Dolby Digital / AC-3 Compatible: Dolby Digital provides 6 independent sound track channels through the optical output jack. When connected to your AC3 compatible home theatre audio set-up, this connection provides Dolby Digital Surround Sound (when Dolby Digital is part of the programming being viewed).

Dolby Pro Logic: Dolby Pro Logic (known as Dolby Surround in the theatres) is based on the use of an amplitude-phase matrix. This is a method of encoding four channels of information into two tracks of stereo media and then decoding them back into four channels for playback.

Downlink: A signal’s path from satellite to antenna.

DTH: Direct to home. Official term used by the Federal Communications Commission industry to refer to the satellite television and broadcasting industries.

DVB: Broadcast standard for digital radio and television, using MPEG II compression. DVB is being supported by all European manufacturers and broadcasters.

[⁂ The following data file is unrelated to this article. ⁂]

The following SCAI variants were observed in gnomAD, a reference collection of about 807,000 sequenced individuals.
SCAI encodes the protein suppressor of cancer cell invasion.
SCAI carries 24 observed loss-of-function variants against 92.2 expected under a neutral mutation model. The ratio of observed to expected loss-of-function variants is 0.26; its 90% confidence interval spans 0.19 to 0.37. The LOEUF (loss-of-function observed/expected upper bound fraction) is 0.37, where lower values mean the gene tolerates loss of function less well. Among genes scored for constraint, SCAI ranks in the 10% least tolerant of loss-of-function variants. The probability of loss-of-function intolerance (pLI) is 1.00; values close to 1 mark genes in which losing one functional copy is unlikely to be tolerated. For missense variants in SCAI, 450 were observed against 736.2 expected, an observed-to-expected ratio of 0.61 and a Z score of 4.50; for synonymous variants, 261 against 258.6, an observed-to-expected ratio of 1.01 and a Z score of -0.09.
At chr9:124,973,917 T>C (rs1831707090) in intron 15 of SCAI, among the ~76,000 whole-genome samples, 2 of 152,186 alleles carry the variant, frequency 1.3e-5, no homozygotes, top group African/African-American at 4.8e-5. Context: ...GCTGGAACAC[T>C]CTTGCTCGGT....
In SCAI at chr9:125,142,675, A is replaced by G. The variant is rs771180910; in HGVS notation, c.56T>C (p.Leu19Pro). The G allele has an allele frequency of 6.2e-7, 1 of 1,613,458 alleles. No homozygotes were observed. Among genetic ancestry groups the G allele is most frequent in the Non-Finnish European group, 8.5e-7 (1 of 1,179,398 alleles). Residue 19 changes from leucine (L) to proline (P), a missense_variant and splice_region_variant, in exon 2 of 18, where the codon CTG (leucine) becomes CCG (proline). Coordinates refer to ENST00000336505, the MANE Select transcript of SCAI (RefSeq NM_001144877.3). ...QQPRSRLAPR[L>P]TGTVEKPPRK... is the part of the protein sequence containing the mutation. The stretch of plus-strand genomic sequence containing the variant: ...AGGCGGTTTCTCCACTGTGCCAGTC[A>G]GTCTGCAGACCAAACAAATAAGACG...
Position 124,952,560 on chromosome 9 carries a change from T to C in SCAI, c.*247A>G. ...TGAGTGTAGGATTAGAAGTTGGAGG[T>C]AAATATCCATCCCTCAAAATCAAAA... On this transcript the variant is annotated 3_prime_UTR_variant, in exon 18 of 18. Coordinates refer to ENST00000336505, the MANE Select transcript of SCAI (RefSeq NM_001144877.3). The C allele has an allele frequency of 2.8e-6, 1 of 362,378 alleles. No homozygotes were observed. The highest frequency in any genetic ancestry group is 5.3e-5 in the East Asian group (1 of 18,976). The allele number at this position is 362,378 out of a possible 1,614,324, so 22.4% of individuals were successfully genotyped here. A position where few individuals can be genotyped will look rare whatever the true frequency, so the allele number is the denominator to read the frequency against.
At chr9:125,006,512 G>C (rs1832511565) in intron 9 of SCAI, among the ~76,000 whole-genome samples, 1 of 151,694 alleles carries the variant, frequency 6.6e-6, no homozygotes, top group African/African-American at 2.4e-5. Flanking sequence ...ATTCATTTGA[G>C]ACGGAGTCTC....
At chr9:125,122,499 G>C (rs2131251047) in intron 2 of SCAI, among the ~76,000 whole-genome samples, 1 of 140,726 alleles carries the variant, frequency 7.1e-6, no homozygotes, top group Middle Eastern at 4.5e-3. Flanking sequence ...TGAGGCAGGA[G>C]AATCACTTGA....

Elevation: How high a satellite is from the horizon.

Feed Horn: A device which collects the signals at the focus of the satellite dish and channels them to the LNB.

Fixed Dish System: Satellite system in which the dish does not have to be moved. DirecTV and Dish Network are fixed dish systems.

Footprint: An area of the earth that is able to receive a particular satellite’s signals. This depends on the satellites beam.

Geostationary: Satellites orbit the Earth 22,300 miles above the Equator and rotate at the same relative speed and direction as the Earth's surface. Therefore, the satellites appear stationary. There are nearly 40 satellites currently in this type of orbit over North America, and well over 100 around the globe.

Impulse Pay per View: The ability to buy a particular program on a last-minute decision. Pushing the "buy" button on the remote control instead of having to make a phone call.

Interactive TV: An interactive television service that lets you use the enclosed remote control to access up-to-the-minute news, sports, financial information, weather, get program trivia, respond to free offers and shop, all while you watch TV.

IRD (Integrated Receiver Decoder): A satellite receiver with a built-in decoder for unscrambling subscription channels. It is usually called the receiver.

KU-band: Signal frequency range between 11 and 14 GHz. that is often used with communications satellites.